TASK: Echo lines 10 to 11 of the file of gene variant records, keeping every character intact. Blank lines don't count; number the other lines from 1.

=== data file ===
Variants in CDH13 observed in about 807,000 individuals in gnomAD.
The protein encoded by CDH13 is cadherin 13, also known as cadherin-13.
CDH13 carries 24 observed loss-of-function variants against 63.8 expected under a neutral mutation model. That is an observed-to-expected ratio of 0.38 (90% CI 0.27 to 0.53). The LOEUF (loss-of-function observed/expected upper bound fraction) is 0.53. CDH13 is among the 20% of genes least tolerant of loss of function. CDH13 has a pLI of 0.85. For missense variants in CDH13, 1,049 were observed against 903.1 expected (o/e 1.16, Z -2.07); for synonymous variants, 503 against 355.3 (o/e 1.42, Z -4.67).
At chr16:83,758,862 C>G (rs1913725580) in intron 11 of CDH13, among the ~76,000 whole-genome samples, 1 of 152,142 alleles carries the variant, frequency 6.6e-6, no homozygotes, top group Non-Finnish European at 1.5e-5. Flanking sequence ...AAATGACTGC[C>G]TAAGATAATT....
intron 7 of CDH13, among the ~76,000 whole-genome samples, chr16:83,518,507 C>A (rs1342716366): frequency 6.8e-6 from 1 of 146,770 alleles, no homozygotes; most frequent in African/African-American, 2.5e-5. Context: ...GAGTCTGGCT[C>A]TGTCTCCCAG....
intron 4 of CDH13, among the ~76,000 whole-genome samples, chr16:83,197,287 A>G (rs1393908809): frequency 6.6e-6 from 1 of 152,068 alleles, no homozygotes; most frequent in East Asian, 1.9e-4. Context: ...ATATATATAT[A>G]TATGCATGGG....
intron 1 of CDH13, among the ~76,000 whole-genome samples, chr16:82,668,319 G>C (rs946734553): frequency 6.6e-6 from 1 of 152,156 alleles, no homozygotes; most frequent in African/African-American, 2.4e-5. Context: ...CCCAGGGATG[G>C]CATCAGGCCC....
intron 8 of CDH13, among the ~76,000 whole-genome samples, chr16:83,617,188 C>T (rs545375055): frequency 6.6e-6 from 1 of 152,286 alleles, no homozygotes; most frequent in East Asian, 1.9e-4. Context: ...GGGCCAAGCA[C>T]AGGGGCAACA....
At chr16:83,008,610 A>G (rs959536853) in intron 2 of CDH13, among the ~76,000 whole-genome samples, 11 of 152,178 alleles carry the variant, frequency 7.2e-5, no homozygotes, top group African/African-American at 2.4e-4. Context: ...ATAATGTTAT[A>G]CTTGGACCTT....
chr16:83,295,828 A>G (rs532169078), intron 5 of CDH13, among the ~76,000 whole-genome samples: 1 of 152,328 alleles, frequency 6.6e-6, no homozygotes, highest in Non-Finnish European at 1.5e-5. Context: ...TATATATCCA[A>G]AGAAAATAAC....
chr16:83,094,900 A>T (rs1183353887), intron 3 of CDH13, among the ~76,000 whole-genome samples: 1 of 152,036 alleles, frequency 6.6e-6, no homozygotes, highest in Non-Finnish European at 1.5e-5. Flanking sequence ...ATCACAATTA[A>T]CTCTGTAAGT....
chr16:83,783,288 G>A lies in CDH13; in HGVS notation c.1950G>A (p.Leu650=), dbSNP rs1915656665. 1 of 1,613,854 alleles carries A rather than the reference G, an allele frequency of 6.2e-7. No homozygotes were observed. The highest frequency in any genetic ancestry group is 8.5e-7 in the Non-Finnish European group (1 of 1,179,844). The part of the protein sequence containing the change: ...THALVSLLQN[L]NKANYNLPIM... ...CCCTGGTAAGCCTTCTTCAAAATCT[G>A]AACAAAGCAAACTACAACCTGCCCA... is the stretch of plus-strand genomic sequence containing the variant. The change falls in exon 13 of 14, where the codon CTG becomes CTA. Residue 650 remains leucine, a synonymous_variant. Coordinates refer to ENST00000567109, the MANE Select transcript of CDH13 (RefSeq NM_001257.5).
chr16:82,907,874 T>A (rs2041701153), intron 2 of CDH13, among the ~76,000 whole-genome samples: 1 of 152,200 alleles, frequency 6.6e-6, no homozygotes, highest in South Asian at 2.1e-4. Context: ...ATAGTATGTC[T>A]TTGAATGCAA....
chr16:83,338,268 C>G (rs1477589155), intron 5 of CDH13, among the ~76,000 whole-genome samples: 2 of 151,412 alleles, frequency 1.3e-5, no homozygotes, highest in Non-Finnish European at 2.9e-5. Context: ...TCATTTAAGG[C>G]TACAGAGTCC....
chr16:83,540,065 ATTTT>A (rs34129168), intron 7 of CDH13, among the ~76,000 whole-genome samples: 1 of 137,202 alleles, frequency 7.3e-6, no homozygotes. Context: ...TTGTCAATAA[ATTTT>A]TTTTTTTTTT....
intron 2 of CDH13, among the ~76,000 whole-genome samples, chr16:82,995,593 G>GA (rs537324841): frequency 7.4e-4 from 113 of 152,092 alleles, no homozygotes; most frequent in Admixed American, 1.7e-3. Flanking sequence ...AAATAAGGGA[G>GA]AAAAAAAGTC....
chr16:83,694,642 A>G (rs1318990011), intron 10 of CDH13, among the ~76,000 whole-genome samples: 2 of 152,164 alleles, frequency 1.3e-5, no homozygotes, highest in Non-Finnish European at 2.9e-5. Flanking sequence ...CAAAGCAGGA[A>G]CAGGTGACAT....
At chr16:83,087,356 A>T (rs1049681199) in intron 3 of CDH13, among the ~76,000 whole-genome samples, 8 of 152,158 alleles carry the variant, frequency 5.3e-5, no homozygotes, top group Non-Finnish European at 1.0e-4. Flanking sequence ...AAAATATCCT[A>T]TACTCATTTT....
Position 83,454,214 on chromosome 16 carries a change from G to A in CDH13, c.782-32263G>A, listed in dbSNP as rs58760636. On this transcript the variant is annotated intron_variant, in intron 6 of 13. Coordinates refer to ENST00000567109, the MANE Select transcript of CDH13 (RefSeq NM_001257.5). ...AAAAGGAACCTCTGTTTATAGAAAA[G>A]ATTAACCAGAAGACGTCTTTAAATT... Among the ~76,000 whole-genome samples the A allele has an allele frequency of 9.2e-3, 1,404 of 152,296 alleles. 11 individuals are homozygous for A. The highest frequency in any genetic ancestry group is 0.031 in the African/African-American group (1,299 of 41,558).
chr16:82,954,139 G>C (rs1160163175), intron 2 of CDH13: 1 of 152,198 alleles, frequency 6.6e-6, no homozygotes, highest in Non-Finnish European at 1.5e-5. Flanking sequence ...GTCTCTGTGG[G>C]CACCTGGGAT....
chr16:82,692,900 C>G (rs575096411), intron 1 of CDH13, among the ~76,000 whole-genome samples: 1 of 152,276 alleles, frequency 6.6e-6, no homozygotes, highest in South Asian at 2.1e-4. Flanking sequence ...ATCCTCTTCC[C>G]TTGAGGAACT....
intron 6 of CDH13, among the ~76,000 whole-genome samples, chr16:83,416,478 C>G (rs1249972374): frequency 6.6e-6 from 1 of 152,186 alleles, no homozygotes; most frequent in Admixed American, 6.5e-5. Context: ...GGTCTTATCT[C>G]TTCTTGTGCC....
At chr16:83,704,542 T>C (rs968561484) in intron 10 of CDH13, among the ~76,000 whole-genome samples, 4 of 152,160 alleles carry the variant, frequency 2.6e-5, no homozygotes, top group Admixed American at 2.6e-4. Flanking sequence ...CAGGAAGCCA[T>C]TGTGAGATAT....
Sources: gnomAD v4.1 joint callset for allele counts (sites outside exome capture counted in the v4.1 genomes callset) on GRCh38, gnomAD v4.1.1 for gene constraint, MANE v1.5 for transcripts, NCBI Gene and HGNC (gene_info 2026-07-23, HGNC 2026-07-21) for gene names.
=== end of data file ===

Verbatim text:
chr16:83,295,828 A>G (rs532169078), intron 5 of CDH13, among the ~76,000 whole-genome samples: 1 of 152,328 alleles, frequency 6.6e-6, no homozygotes, highest in Non-Finnish European at 1.5e-5. Context: ...TATATATCCA[A>G]AGAAAATAAC....
chr16:83,094,900 A>T (rs1183353887), intron 3 of CDH13, among the ~76,000 whole-genome samples: 1 of 152,036 alleles, frequency 6.6e-6, no homozygotes, highest in Non-Finnish European at 1.5e-5. Flanking sequence ...ATCACAATTA[A>T]CTCTGTAAGT....